Sometimes it’s just really nice to be by yourself. Other times, as alluded to earlier, decisions are not ours alone to make, they are made on our behalf and in some cases without our consent. In these instances we are commonly forced to choose between doing something or not doing something. Missing opportunities or extracting their potential. Living our dreams or living in a box. Whatever the case, voluntary or otherwise, sometimes we find ourselves exploring the infinite abyss single-handedly. Either accidentally or intentionally we find ourselves on unaccompanied sojourn. The best way to go about it then, is to identify the positives and proceed with intention.
If you do not take the time to spend time with yourself, or have never spent time with yourself, I highly recommend it. Start with a couple of hours and work your way up to a couple of days. Anywhere outside is my preference, but anywhere you’re comfortable (or perhaps just a little uncomfortable) works fine too.
Everyone needs some time alone. A little time to get to know themselves. Time to sit in silence, to be with their thoughts, to move about unrestrained by the needs or expectations of others. Time away from technology. Time away from daily distractions and the constraints of responsibilities and concerns. Time to learn. Time to relax, revisit, retrain, rethink, reset, reaffirm. To think. To not think. To be active or inactive. To be whatever we want to be, or to determine what it is that we want to be, and move forward from there.
Being alone lets one discover who they are without all the things. Without all the other people. Without the perceived judgments, the reputations to uphold. Who might you be in a void? In a crisis? In a hotel room alone with all the electronics shut off? On top of a mountain in the sunshine? Inside a tent in the middle of the night with lightning flashing directly above and rolling thunder shaking the ground around you? Are you happy with that person? Is there work to be done? Being alone lets one examine all sorts of emotions, from loneliness and fear (perhaps even existential anxiety, woo hoo), to joy and exuberance and maybe even enlightenment. This self-knowing proves to be the most important aspect of both creating and embracing opportunities to experience the world on an individual basis.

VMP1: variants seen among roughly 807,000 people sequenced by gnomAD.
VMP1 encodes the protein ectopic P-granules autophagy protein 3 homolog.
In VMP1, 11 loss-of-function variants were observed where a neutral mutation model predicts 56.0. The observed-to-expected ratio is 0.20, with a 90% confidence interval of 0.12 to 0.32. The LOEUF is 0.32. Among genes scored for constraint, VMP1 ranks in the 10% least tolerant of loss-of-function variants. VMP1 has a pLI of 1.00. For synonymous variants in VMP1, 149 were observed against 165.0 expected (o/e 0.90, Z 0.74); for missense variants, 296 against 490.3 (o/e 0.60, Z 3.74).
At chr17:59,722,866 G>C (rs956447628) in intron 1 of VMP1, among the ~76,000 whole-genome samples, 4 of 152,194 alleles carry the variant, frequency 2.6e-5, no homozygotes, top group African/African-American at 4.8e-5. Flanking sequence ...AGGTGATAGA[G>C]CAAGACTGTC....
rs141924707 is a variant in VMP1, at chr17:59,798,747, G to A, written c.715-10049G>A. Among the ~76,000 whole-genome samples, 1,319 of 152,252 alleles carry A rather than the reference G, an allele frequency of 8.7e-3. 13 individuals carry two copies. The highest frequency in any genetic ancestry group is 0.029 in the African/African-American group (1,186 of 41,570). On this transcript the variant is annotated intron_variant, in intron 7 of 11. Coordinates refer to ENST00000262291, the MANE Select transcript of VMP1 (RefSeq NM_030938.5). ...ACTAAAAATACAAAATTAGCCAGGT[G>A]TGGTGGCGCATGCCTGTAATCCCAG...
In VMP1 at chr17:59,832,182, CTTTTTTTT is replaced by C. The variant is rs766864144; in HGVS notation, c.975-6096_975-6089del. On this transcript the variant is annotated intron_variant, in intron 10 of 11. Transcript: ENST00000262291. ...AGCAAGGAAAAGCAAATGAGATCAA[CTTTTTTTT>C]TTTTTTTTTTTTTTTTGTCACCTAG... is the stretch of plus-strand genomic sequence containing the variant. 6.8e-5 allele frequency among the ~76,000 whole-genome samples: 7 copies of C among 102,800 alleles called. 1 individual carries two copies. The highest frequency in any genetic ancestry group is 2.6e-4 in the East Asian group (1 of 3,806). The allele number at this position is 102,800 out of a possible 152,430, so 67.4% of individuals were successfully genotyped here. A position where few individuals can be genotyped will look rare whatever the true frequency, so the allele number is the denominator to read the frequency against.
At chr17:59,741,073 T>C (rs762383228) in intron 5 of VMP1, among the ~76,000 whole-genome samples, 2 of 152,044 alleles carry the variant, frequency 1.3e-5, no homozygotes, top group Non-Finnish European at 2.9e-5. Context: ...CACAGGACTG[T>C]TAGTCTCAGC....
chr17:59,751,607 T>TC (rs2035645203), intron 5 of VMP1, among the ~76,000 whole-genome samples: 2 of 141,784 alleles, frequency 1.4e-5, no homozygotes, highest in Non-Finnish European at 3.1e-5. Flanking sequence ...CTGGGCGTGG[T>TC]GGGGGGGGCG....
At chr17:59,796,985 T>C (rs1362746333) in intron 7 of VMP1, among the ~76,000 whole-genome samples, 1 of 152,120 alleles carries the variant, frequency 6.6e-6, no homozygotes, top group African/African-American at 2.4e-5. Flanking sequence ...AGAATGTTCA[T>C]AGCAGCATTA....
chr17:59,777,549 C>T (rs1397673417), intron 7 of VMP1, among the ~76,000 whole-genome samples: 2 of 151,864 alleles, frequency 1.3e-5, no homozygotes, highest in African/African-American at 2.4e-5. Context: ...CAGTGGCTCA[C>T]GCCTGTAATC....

But there can be auxiliary advantages as well. Mainly, the freedom. The doing whatever you want whenever you want. The not having to be concerned for anyone’s needs but your own. The choice to take care of your needs or not. The absence of conflicting opinions and desires. The never having to ask someone else for permission or approval. The never having to discuss or debate the desirability of activities, eating options, lodging, camping locations, side hikes, or anything else. The never having to wait, and never having others waiting for you. It’s your own pace, your own day, your own trip, your own life. You either appreciate it or you don’t. You can hike 3 miles or 30 miles. You can skip lunch and keep going, or never get going in the first place. Sleep late, get up early, stay out all night. No one cares but you. You will never have to listen to whining, complaining, criticizing, or common sense. In this life, you are your only limitation. Be open then, at least on occasion, to going it alone.